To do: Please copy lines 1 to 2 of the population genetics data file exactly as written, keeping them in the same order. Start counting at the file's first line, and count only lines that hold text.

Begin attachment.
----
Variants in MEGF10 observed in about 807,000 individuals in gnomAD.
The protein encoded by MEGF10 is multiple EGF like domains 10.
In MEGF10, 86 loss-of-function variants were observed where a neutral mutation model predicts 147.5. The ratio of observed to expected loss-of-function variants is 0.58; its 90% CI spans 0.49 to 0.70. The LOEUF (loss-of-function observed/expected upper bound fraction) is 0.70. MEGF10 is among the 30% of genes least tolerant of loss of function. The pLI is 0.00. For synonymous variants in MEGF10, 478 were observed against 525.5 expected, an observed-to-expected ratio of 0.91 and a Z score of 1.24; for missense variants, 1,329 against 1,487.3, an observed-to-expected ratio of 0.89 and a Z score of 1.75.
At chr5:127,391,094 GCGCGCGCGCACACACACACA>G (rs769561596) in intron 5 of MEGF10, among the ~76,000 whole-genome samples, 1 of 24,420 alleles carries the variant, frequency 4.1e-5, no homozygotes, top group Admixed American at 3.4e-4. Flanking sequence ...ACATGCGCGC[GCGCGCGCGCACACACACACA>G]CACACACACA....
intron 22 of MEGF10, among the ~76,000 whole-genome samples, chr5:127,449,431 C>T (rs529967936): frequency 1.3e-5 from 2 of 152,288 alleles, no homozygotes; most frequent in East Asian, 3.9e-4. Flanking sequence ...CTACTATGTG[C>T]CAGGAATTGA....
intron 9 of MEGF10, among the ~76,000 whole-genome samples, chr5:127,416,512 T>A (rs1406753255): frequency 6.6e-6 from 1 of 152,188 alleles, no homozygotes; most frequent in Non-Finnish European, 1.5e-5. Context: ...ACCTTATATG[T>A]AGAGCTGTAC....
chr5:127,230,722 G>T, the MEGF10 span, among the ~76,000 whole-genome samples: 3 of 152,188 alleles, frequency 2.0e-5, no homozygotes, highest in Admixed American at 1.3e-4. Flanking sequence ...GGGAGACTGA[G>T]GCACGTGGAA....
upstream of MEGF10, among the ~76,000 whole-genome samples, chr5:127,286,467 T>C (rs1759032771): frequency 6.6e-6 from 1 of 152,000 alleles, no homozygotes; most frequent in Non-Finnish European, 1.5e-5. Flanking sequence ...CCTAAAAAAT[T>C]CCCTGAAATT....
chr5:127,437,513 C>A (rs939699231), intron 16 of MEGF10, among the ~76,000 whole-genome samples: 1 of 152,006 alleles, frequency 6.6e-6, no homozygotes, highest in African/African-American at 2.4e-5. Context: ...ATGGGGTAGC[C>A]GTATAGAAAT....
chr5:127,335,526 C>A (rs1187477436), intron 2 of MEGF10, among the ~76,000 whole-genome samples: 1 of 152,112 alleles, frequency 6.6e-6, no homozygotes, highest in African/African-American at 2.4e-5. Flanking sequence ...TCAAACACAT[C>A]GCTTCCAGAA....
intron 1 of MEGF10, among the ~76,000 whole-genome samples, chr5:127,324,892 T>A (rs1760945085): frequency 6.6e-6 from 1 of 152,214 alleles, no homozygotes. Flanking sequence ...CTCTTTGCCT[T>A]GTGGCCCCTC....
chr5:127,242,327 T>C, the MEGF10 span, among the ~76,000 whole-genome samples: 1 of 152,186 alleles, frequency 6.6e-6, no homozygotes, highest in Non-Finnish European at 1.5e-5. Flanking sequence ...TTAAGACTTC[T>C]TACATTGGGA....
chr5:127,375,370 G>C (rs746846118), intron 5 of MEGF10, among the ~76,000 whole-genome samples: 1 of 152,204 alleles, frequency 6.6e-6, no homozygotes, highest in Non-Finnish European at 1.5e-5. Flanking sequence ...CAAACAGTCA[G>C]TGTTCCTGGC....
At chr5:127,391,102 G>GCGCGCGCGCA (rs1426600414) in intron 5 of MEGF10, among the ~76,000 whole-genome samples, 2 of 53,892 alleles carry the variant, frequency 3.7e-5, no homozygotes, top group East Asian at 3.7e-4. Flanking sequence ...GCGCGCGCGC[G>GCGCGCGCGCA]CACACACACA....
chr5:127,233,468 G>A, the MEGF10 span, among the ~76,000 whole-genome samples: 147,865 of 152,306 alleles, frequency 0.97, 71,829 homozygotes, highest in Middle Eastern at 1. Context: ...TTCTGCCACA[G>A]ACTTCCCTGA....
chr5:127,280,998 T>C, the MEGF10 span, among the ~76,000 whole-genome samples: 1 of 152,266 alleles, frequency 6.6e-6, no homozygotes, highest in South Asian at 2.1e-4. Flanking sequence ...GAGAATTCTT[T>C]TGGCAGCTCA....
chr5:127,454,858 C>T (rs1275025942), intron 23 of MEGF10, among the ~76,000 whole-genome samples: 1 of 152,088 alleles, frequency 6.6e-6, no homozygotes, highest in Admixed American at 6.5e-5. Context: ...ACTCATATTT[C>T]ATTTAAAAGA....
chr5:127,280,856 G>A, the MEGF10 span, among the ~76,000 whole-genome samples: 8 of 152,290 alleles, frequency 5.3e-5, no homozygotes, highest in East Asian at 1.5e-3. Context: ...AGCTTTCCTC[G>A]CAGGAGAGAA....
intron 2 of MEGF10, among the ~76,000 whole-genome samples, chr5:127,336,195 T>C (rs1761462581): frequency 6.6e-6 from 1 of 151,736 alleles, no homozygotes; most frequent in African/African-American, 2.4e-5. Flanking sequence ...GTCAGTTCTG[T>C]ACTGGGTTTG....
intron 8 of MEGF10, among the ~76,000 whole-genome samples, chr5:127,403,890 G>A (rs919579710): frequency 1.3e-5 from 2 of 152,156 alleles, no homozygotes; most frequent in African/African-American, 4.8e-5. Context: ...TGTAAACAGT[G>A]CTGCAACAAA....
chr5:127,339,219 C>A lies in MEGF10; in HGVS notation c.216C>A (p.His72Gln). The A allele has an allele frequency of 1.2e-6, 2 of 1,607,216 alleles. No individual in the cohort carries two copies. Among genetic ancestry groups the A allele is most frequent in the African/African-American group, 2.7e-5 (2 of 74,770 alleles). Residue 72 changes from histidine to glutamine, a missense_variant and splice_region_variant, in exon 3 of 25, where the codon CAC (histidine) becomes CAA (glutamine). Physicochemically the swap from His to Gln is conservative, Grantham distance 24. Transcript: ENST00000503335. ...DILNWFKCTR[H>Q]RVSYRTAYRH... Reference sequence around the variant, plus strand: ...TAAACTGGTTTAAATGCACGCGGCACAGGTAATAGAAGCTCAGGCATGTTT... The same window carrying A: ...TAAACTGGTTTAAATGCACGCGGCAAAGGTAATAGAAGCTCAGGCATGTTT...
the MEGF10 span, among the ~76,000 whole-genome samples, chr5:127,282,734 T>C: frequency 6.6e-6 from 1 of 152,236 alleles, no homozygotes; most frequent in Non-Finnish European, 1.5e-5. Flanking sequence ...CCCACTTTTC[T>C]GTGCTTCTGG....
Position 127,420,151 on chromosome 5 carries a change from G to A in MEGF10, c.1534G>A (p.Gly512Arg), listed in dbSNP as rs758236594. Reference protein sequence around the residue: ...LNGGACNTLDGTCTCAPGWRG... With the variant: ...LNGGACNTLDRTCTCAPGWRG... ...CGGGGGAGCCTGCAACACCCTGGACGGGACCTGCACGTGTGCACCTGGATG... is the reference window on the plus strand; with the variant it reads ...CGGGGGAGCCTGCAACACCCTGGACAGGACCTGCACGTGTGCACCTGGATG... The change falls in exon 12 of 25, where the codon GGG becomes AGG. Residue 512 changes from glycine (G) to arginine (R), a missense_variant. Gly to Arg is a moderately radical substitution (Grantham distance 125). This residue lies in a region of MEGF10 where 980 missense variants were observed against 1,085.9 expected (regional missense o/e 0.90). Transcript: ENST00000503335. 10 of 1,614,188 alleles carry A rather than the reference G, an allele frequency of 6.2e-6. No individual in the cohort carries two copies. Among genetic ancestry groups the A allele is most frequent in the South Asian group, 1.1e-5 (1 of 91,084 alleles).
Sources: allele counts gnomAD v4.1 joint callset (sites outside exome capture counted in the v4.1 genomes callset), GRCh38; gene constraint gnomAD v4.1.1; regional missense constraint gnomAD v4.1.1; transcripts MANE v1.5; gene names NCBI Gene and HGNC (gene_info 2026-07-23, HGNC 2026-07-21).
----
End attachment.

Variants in MEGF10 observed in about 807,000 individuals in gnomAD.
The protein encoded by MEGF10 is multiple EGF like domains 10.